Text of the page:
Being a coastal region, maritime trade played an important role in the
development of Oriya civilization. Cultural, commercial and political
contacts with South East Asia, particularly Southern Burma, Malaysia and
Indonesia were especially extensive and maritime enterprises play an
interesting part in Oriya folk-tales and poetry. Historical records
suggest that around the 7th C. AD, the Kongoda dynasty from central
Orissa may have migrated to Malaysia and Indonesia. There is also
evidence of exchange of embassies with China. Records of Oriya traders
being active in the ports of South East Asia are fairly numerous and in
his descriptions of Malacca, Portuguese merchant Tome Pires indicates
that traders from Orissa were active in the busy port as late as the
(There is evidence to suggest that trade contact between Eastern India
and Thailand may date as far back as the 3rd or 4th C BC. Himanshu Ray
(The Winds of Change - Buddhism and the Maritime Links of Early South
Asia) suggests that at least eight oceanic routes linked the Eastern
Coast of India with the Malayan pensinsula, and after the Iron Age,
metals (such as iron, copper and tin), cotton textiles and foodstuffs
comprised the trade. She also suggests that the trade involved both
Indian and Malayo-Polynesian ships. Archealogical evidence from
Sisupalgarh (near Bhubaneshwar) in Orissa suggests that there may also
have been direct or indirect trade contacts between ancient Orissa and
Rome dating to the 1st-2nd C AD (or possibly earlier). The chronicles of
Huen Tsang refer to Orissa's overseas contacts in the 7th C, and by the
10th C, records of Orissa's trade with the East begin to proliferate.)
Adequate agricultural production combined with a flourishing maritime
trade contributed to a flowering of Orissan arts and crafts especially
textiles. Numerous communities of weavers and dyers became active
throughout the state perfecting techniques like weaving of fine Muslins,
Ikat, Sambalpuri and Bomkai silks and cottons, applique and embroidery.
Orissa was also known for it's brass and bell metal work, lacquered
boxes and toys, intricate ivory, wood and stone carvings, patta painting
and palm leaf engraving, basket weaving and numerous other colorful
crafts. Often, decorative techniques relied on folk idioms as in the
painted, circular playing cards known as Ganjifas.
Later, Cuttack became the centre for lace-like exquisite silver filigree
work, (known as Tarakashi) when Orissa was brought under Mughal rule.
Philosophy, Language and Idealogy
Both Buddhism and Jainism played an important role in the cultural and
philosophical developments of early Oriya civilization. Most Buddhist
and Jain texts were written in Pali-Prakrit and the Prakrita Sarvasva, a
celebrated Prakrit grammar text was authored by Markandeya Das, an
Oriya. Kharavela's Hatigumpha inscription is in Pali, leading to the
speculation that Pali may have been the original language of the Oriya
By the 7th C. AD, Brahminism had also become influential, especially in
the courts and Hiuen Tsang (the well-known Chinese chronicler) observed
how Buddhist Viharas and Brahminic temples flourished side by side. And
although royal inscriptions of this time were in Sanskrit, the most
commonly spoken language was not, and according to Hiuen Tsang appeared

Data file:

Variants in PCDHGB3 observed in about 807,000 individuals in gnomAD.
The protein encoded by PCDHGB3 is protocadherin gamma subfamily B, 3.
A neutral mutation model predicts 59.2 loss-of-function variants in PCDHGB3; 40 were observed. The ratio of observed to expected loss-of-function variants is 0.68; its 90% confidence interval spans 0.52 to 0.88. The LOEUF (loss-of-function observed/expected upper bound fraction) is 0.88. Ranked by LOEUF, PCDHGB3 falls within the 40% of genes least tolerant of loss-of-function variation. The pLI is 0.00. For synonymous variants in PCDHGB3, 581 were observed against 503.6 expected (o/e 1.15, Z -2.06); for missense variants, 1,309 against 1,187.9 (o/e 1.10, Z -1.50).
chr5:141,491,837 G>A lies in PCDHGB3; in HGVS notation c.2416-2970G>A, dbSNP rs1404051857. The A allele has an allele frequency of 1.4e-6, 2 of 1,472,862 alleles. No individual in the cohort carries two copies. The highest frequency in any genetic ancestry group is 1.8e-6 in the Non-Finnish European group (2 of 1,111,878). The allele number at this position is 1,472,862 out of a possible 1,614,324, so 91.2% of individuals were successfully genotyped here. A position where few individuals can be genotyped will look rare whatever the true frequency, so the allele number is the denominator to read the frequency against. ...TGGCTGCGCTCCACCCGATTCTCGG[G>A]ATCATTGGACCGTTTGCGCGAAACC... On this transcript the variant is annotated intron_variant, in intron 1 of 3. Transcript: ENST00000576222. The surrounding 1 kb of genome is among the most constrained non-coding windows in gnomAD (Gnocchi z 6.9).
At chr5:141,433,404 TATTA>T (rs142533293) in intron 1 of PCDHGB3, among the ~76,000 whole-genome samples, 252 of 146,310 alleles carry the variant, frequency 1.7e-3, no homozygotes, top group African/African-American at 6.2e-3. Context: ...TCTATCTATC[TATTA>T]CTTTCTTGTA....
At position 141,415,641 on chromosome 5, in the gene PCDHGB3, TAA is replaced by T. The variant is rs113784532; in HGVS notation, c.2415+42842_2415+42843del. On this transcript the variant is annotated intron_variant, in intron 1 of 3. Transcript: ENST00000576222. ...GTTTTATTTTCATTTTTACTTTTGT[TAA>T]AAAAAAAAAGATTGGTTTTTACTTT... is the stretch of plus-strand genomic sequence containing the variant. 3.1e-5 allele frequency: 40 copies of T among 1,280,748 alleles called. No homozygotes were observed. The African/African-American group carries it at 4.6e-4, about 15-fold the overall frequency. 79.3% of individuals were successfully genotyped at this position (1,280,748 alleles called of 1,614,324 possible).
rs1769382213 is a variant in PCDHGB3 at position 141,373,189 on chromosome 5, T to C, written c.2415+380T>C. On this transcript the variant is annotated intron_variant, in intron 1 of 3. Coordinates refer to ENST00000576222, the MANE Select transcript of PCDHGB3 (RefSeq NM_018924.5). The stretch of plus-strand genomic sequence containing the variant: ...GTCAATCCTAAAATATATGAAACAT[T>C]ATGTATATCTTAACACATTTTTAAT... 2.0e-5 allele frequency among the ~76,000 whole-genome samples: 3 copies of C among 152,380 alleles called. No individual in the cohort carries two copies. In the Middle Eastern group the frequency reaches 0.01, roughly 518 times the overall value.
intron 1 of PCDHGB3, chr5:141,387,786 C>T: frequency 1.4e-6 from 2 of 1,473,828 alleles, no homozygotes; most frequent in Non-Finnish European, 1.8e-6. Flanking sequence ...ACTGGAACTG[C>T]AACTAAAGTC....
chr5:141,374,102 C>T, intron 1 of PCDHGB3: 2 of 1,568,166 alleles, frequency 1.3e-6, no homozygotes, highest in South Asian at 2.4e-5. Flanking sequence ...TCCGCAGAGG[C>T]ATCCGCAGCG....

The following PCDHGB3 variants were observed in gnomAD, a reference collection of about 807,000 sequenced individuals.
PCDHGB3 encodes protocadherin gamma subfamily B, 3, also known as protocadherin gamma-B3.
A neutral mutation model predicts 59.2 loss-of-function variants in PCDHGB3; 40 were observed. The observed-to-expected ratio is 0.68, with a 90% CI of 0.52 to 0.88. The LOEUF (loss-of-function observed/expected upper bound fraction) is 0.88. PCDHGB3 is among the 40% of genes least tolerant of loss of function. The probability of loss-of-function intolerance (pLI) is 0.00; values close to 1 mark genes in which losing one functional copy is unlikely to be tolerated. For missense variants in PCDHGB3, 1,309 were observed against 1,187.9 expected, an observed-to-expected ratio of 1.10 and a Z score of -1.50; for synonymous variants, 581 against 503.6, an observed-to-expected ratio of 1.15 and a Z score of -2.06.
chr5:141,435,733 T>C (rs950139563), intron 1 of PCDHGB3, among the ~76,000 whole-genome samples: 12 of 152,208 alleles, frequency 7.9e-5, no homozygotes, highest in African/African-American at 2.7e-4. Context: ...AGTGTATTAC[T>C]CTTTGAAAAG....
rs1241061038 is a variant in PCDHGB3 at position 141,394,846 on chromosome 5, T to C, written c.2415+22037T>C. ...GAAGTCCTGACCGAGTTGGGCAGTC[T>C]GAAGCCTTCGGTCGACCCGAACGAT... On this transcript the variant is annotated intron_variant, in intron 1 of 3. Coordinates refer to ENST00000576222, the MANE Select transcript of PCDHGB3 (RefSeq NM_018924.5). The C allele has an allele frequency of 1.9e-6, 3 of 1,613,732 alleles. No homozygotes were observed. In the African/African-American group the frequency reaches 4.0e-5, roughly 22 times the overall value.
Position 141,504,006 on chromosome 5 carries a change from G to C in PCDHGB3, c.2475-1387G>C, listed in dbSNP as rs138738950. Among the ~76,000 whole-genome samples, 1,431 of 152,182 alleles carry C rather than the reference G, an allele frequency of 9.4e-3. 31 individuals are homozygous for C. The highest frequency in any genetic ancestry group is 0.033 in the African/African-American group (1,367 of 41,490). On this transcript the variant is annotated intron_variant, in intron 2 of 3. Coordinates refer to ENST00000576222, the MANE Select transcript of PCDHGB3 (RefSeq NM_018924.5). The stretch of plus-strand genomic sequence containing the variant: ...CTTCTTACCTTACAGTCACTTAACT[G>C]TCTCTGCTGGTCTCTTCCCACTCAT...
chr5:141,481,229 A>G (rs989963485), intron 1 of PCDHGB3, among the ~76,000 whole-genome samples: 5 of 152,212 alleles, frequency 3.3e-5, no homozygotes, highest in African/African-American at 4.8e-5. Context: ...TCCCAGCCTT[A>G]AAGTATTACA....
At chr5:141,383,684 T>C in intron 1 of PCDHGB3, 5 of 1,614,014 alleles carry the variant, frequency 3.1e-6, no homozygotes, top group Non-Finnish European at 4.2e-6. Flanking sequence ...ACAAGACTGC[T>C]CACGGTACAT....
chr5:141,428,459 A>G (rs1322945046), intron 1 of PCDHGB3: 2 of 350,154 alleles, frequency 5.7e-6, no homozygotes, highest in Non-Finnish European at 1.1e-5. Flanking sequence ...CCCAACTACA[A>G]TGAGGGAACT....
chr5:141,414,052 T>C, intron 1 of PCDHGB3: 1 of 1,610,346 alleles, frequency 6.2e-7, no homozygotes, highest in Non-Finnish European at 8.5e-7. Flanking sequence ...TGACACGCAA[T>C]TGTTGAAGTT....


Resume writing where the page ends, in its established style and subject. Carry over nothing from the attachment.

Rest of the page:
to be quite distinct from the language of Central India, and may have
been a precursor of modern day Oriya.
But even as the Bhauma Kings of the 6th-8th C issued edicts in Sanskrit,
they patronized numerous Buddhist institutions and the art, architecture
and poetry of the period reflected the popularity of Buddhism in the
Later, Orissa's Buddhism came to be modulated by strong Tantric
influences, while a more traditional Vedic and Brahminical version of
Hinduism was brought to Orissa by Brahmins from Kannauj. Shaivism from
the South was institutionalized in Puri. In addition, the majority of
Orissa's adivasis continued to practice some form of animism and
totem-worship. Unifying all these different traditions was the
Shiva-Shakti cult which evolved from an amalgamation of Shaivism
(worship of Shiva), Shaktism (worship of the Mother Goddess) and the
Vajrayana, or Tantric form of Mahayana Buddism.
What made possible this fusion was that apart from the formal
distinctions that separated these different religious and philosophical
trends, in practical matters, there was a growing similiarity between
them. Whereas early Buddhism and the Nyaya school within Hinduism had
laid considerable stress on rationalism and scientific investigation of
nature, later Buddhism and the Shaivite schools both emphasized
philosphical variants of concepts first developed in the Upanishads,
along with mysticism and devotion. Tantrism had also developed along a
dual track - on the one hand it had laid emphasis on gaining practical
knowledge and a clear understanding of nature - on the other, it too
came steeped in mysticism and magic.
At the same time, the Buddhist ethos had created an environment where
compromise was preferred to confrontation. This allowed tribal deities
and gods and goddesses associated with numerous fertility cults to be
integrated into the Hindu pantheon. Tantric constructs also met with
some degree of approval.
Since Tantrism emphasized the erotic as a means to spiritual salvation,
the culture of austerity and sexual abstinence that had pervaded early
Buddhism was replaced with an unapologetic embrace of all that was
Unlike some other parts of India, Oriya society had not yet been deeply
differentiated by caste, and egalitarian values remained well-ingrained
amongst the peasant masses. Hence, any idealogy that championed a
hierarchical division of society would have been unacceptable. The Shiva
Shakti cult was a compromise in that while it did not exclude social
inequality, it did not preclude social mobility either. In fact, the
cult became popular precisely because it articulated the possibility of
upward mobility through the acquisition of knowledge, skill or energetic
HOW TO REACH ORISSA
Bhubaneswar is the only civil airport in the state connected to
different parts of the country through regular flights. The major cities
connected to Bhubaneswar are Kolkata, Chennai, Visakhapatnam, Delhi,
Hyderabad, and Mumbai. Bhubaneswar and Puri are the major railheads for
the state. The extensive railway network connects different parts of the
state to the other parts of the country. The National Highways 5, 6, 23,
42, and 43 pass through the state.
By Air: The most convenient access into Orissa is a flight to
Bhubaneshwar. Indian Airlines has flights from Hyderabad, Nagpur,
Calcutta, Delhi, Raipur, Varanasi, Mumbai and Chennai.
By Rail: Train connections from all parts of the country exist,
but are usually long and the non - availability of air-conditioned class
travel is a constraint.
By Road : Once in Bhubaneshwar, road travel is the best option, to
visit the other attractions in Orissa.
More Information About Orissa........